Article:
All posts by Angela Reich

Summer Rain

Fu Baoshi (1904-1965) frequently painted rainy landscapes and waterfalls.   He lived through all the changes of the twentieth century, developing his own distinctive style.  The Met  exhibition Chinese Art in an Age of Revolution, featured Fu Baoshi. There is a video lecture of the exhibition and his life, though the images of the paintings are a bit fuzzy.  You can see them better if you scroll down the exhibition site.

He did not only paint water. The Ashmolean has a charming painting of a scholar in his studio.

Henry Li demonstrates Fu Baoshi’s style, and again.

Chinese Painters in Books


Sea of Ink – a slim book of impressions of the very famous Qing dynasty artist Bada Shanren

The Ten Thousand Things – a novel about Yuan dynasty painter Wang Meng

Brushstrokes in Time – a novel about The Stars Movment, which includes CBPS’s honorary president Qu Leilei


The Upright Brush – life and work of great Tang dynasty calligrapher Yan Zhenqing

Repentant Monk – about the wonderful Ming figure painter Chen Hongshou

Shitao – monograph about this very famous Qing dynasty painter

Fu Shan’s WorldFu Shan was one of the famous Qing dynasty calligraphers.  If you saw the Three Emperors exhibition at the RA, you will have seen his calligraphy alongside Bada Shanren’s

Modern Ink – the art of Qi Baishi

A Chinese Artist in Britain – an illustrated retrospective of Qu Leilei’s work.

Qu Leilei: A Chinese Artist In Britain By Yan Liu


Making an Impression

Dye House at Konya-cho, Kanda, Utagawa Hiroshige, Met Museum.

There are lots of print makers influenced by Oriental Art.  Pat pointed to the work of Adrian Holmes.

Laura Boswell‘s prints use Japanese woodblock methods, including her elegant Night Gardens, Kyoto (in her Gallery).  She is filming a series of short videos all about how she creates a reduction linocut print. These videos are such a treat and a real insight into her practice. You can watch through her You Tube channelFacebook or Instagram.

Pine Feroda is a group of print makers who work collaboratively, and blogged about their visit to a Chinese print master.

Henry Li has videos on using monoprints as a basis for lotus and landscape (parts 1, 2, 3).  Definitely worth a try !  Note that he uses sized paper, or thicker mulberry paper.  Normal xuan is not ideal for this technique because it tends to tear when saturated.

Or you can try printing real objects like leaves.  Remember the Newsletter July 2019, with Colleen’s fish – an example of gyotako
This delightful animation explains the background and  methods.  Even more on the method – possibly too much!  Enthusiastic Hawaiian fish-printer.

David Bull is a printer working in Japan, who re-created the Great Wave.

A Cut Above

Members have been getting creative with paper & scissors.

From Pat J: I thought this origami blog by the British Museum was very good.

Zara: For an advanced challenge check this out – The prawns look amazing but a lot of effort to make.  I recommend subscribing to Colossal newsletter, you get some of the most amazing global creative things on it.

Leo: I have been cutting up old discarded Chinese brush work and reforming them. By drawing on the back of the old work randomly and cutting up without knowing what lies on the other side. I have just allowed the shapes to dictate once turned right side up.  Here are some examples.

Catch off Anglesey

A Little Different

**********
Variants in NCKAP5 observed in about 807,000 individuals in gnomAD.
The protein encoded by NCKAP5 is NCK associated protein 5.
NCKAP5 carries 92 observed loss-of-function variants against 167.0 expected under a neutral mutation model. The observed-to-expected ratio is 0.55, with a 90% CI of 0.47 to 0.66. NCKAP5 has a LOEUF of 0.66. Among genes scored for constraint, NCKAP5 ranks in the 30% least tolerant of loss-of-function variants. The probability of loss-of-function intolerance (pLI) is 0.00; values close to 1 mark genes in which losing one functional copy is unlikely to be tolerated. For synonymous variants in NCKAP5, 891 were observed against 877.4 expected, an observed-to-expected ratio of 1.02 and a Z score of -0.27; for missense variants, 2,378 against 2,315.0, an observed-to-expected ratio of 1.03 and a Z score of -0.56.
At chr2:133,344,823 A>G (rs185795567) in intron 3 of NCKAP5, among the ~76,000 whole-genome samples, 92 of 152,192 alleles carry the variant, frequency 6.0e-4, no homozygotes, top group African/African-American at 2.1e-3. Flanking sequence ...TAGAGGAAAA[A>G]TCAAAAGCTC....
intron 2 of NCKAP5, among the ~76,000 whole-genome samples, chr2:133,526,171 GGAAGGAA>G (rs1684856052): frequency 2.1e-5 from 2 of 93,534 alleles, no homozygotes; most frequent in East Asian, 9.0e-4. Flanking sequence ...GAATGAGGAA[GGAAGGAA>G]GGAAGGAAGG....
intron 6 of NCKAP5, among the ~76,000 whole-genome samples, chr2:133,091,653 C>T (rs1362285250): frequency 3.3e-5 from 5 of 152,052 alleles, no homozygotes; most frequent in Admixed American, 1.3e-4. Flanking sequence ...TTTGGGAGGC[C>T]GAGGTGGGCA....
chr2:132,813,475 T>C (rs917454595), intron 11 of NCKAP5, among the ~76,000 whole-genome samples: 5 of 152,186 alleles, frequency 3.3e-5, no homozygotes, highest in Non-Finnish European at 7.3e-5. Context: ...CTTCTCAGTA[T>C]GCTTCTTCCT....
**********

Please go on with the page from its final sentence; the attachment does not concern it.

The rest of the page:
Zara had fun painting her cactus different papers. The beetle was due to an ink splat when shaking the bottle!

Lovely watery pond by Leo.

Peng’s fresh Lupin with robber fly patiently waiting for its next meal, and a fallen leaf from London plane tree with two water striders (pond-skaters).

Pauline has painted this  unusual plant – a corkscrew grass about 40cm tall (also known as rats tail grass), bought at a Rare Plants Fayre.  It has a strong vanilla perfume.

Angela keeps trying to paint white wisteria without using white paint.

Peach Blossom Spring

Tani Buncho, Earthly Paradise of Wuling, a handscroll painting. British Museum

The tale of the Peach Blossom Spring is often painted.  There is a handscroll in the British Museum, and here is a walk through a handscroll from the Wou Lien-Pai Museum of Chinese Art, courtesy of Roderick Whitfield: Peach Blossom Spring.ppt

Some of you might remember Xu Bing’s installation at the V&A in 2013: Travelling to the Wonderland was inspired by the Peach Blossom Spring.

Wou Lien-Pai Museum 2011
ed R Whitfield, OMpublishingHK
Xu Bing village (c) A Reich

Welcoming Spring

Cherry blossom by Kerima
Haiku by Chris G
Spring by Chris G

The daffodils are an adaptation of “east meets west” – stylised lotus leaves with daffodil blooms, painted on a special cotton material.  In this time of lock-down and some degree of anxiety, I liked the intention of the haiku – hope beyond the tougher times.

Spring by Chris G
Spring by Chris G
Hellebore by Rayne
Camellias by Maggie
As I am still able to get around quite well I decided to shop at my local Sainsbury’s during ‘oldies’ hour.
There were no queues, no shortage of things I needed, cheerful assistants and when I paid at the checkout shoppers were offered a free bouquet of spring flowers. So there are some nice things happening despite all the restrictions!
As a souvenir of this I painted the tulips
Gift tulips by Sybil
Plum blossom (unfinished) by Stella
Spring bird by Leo
Wisteria by Seiko
Flowers by Lucy

Awaiting Spring

A glimpse of flowering quince and a Japanese lantern.

A few more Chinese blossoms.

Lovely slow-motion apricot flowers opening.

The “four friends of the flowers” are the swallow; oriole; bee and butterfly.

The Arundel Tulip Festival.

More lovely blooms from members’ gardens – camellias, tulips, plum blossom and magnolia, greengage, rununculus, clivia  – and a spring garland!

Japonica and Lantern
Cherry Blossom
Exotic Emperor
Ranunculus, Marsh Mallow
plum blossom